No matter what, though, I do not fail to read it all the way through every practice session, because I don't want to lose "sight" of it as a complete work. Also because I play for enjoyment, and I want to enjoy it!

    I frequently don't listen to any recordings of a piece while I'm working on it. I'm either familiar with it from previous exposure, or I'm learning it because there are not many recordings. I recently had an experience which has warned me away from learning a piece without ever having heard it before, so this may change a little.
     
  4. pianolady

    pianolady Monica Hart, Administrator Staff Member Piano Society Artist

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    Most of the time, I have to have heard the piece and liked it enough to want to learn it. Then I print it out or buy it, and play through it several times. If I still like it, then I set the goal to go all the way. If after about the third or fourth time it's not grabbing me any more, then I put it away and find something else. If the piece does still appeal to me, then I simply play through all of it several more times. After that it starts to stick and I can tell what parts need extra attention. I don't really listen to other recordings of the piece until I'm getting to the end of the learning process and I want to see if my tempo is okay.
     
  5. paulwhite743

    paulwhite743 New Member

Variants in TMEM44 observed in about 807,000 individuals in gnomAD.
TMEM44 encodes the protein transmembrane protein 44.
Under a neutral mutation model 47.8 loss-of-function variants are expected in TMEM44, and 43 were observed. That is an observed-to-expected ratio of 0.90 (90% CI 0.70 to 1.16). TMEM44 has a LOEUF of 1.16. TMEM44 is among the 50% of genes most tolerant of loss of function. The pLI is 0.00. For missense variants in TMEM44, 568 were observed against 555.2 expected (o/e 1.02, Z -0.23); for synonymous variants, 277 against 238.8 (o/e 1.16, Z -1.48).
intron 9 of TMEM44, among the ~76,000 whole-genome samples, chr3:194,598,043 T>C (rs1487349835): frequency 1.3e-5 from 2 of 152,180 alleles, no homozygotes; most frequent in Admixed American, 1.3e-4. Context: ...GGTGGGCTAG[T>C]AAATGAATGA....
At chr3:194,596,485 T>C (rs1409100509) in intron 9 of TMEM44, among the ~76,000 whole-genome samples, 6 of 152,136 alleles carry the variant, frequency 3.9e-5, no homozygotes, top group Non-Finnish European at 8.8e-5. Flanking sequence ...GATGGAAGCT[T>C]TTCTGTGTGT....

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    I begin by writing the fingering on every note. This is a great way to get to know the small details of the piece. A lot of people would say this is too fussy, but the alternative is to leave a great deal to chance. If one practises a passage with a different fingering every time, the end result is one of confusion rather than having a clear plan of action. Writing fingering is not boring, because it requires continual decision making and experimenting with alternatives. The only problem is that many commercially available scores are very squashed with tiny print, so the end product looks quite messy.
     
  6. actarus

    actarus New Member

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    That may be related in fact:


    Hello Everyone,



    I am a fresh beginner in playing the keyboard and I may need some help.



    Age may not really count but I am 33. I had some kind of an education in mostly baroque music as member of a pro choir as a kid. But my knowledge of theory and score reading was always very weak. I was perfectly able to sing by ear and have an intuition of what was going on by reading what I could understand of the scores.



    I have been composing ‘modern classic’, ‘ambient’ and also melodic post-punk using vintage electronic gears in my home-studio. Of course I quickly see the limits of this way of composing, especially when working on several layers. Also the general process of composing is, as you might imagine, tedious. That definitely gets in the way of the creative process.